This study estimated costs associated with postoperative sepsis in a nationally representative sample of general surgery patients in VA hospitals. Results suggest a greater than 2-fold increase in costs associated with postoperative sepsis compared with costs for other patients after controlling for differences in preoperative risk. Sepsis was most costly when it co-occurred with failure to wean the patient from mechanical ventilation after 48 hours.
A few previous studies2,4-7 have attempted to estimate costs of inpatient sepsis. However, estimates vary widely, likely because of the varying cost structures in the countries where the studies were conducted, varying patient inclusion criteria, or inconsistent methods for estimating costs. To our knowledge, this is the first study to directly estimate the incremental costs associated with sepsis among patients undergoing inpatient surgery. Costs in this study were specifically assigned to reflect individual patient encounters and to provide an accurate assessment of patient resource use.
Given the extremely high mortality rates (approaching 30% within 1 month) for severe sepsis and septic shock, a primary reason to avoid postoperative sepsis may be to reduce mortality and improve subsequent quality of life. Toward that end, protocols for reducing postoperative infections have been published. For example, the Surgical Infection Prevention (SIP) system provides guidelines for administering prophylactic antibiotics within 1 hour before operating to reduce postoperative infection. (The VA implemented SIP guidelines prior to fiscal year 2006; data on SIP implementation are now available publicly [ http://www.hospitalcompare.va.gov/]). Although the SIP protocols may dramatically decrease the occurrence of infections,16 they do not specifically address severe sepsis. Interventions that specifically target sepsis generally promote early identification and prompt treatment, which are important factors in achieving good outcomes after sepsis. For example, one protocol specific to sepsis is the Surviving Sepsis Campaign,17 which provides guidelines for early identification and treatment of sepsis. Despite widespread dissemination of the Surviving Sepsis Campaign, less than 30% of all inpatients with severe sepsis receive the recommended care.18 Evidence suggests that adherence to the recommended sepsis treatment protocol may reduce mortality for some patients with severe sepsis,19-22 although the effect on postoperative sepsis specifically has not been evaluated. Another intervention23 used mandatory postoperative sepsis screening in the intensive care unit to reduce sepsis-related deaths among general surgery patients by 33%.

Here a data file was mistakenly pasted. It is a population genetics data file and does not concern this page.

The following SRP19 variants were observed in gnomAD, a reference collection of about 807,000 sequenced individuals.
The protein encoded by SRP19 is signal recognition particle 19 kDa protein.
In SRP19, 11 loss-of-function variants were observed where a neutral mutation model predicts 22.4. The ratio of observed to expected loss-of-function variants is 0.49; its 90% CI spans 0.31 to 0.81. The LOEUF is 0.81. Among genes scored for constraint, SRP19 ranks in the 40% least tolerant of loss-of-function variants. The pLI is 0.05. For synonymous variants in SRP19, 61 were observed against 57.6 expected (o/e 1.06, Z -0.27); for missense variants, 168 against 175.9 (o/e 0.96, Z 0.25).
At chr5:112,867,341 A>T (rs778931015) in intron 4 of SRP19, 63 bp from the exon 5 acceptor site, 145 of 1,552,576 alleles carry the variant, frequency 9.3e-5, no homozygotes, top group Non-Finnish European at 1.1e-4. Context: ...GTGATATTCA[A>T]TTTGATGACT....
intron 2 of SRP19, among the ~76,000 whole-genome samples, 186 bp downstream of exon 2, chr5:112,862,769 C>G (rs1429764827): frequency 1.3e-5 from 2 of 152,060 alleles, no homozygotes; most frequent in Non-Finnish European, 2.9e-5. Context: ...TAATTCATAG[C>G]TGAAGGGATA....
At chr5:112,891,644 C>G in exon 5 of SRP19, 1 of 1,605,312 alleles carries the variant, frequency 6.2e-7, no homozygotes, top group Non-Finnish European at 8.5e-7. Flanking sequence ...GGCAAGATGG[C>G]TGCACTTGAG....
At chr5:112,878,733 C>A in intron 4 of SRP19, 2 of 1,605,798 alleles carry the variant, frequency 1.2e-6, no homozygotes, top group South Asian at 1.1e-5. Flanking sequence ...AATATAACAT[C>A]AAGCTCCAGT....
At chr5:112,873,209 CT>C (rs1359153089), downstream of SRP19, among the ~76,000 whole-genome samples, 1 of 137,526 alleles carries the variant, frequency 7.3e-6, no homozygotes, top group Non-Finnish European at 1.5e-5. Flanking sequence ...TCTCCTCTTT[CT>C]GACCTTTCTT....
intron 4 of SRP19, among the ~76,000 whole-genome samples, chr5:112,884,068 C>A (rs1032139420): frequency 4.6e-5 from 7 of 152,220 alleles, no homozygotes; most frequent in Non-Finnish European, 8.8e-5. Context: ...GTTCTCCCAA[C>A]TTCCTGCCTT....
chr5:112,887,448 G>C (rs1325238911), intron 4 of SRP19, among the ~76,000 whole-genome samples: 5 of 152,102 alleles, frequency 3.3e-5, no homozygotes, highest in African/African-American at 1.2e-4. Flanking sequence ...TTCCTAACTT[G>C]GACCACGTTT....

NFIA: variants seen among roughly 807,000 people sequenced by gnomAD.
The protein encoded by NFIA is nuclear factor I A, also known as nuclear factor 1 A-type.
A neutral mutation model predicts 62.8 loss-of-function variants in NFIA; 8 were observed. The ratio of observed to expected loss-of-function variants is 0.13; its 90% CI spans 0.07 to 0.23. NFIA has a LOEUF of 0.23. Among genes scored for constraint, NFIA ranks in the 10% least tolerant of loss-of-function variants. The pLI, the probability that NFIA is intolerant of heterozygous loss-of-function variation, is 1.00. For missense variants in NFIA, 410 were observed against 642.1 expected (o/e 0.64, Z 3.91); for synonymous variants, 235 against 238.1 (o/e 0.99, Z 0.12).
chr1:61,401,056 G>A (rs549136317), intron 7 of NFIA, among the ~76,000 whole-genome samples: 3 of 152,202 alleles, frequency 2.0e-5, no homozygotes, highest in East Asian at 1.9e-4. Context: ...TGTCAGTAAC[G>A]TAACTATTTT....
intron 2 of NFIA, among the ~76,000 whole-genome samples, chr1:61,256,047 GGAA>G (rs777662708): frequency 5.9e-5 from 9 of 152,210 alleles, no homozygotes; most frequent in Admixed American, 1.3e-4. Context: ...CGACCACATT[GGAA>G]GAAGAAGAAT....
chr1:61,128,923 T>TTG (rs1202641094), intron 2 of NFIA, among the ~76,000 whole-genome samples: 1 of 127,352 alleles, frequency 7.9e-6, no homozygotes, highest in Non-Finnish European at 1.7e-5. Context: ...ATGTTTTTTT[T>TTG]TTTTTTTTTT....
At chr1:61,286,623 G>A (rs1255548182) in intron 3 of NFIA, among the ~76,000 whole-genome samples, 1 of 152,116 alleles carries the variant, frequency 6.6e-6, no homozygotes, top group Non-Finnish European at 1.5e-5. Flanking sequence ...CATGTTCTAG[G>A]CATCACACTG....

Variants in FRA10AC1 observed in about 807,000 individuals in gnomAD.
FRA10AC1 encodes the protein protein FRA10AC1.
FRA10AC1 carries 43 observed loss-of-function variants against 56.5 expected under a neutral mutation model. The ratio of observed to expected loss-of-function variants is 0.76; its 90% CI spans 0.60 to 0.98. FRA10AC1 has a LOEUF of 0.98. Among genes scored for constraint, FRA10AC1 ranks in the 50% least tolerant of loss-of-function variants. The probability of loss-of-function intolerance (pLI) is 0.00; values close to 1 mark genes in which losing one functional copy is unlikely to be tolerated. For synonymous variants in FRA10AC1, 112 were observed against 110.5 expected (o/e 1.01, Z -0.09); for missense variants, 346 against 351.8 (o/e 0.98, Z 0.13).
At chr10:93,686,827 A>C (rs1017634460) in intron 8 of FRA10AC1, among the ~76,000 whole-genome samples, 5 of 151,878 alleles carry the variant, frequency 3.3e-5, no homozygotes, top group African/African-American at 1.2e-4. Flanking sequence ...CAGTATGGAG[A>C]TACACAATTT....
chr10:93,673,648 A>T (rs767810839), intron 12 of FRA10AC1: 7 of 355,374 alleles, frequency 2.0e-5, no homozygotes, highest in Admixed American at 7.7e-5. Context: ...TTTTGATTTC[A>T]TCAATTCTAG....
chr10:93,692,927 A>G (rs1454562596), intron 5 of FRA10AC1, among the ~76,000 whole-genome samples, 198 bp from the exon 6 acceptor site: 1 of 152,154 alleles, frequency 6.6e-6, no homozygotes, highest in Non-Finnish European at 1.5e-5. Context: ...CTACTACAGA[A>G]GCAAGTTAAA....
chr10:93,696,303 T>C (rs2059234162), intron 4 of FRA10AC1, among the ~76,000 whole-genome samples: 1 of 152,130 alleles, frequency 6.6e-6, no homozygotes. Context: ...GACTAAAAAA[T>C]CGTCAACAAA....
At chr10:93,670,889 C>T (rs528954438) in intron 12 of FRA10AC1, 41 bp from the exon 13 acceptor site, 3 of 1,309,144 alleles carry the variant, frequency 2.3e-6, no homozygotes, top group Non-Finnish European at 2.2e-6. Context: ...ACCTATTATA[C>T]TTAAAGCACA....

Finally, we note that several studies have found a relationship between postoperative complication rates and hospital staffing. For example, Pronovost et al24 found lower rates of severe complications after abdominal aortic operations at hospitals with daily rounds by an intensivist compared with hospitals that did not use daily rounds. Similarly, other studies25-27 have found that hospitals with higher nurse staffing ratios and more highly educated nurses providing care after high-risk surgery have lower morbidity and resource utilization compared with other hospitals. These studies do not directly indicate that staffing levels affect the rate of postoperative sepsis. Nevertheless, they do suggest that hospital administrators may want to consider whether a business case exists for higher staffing levels.28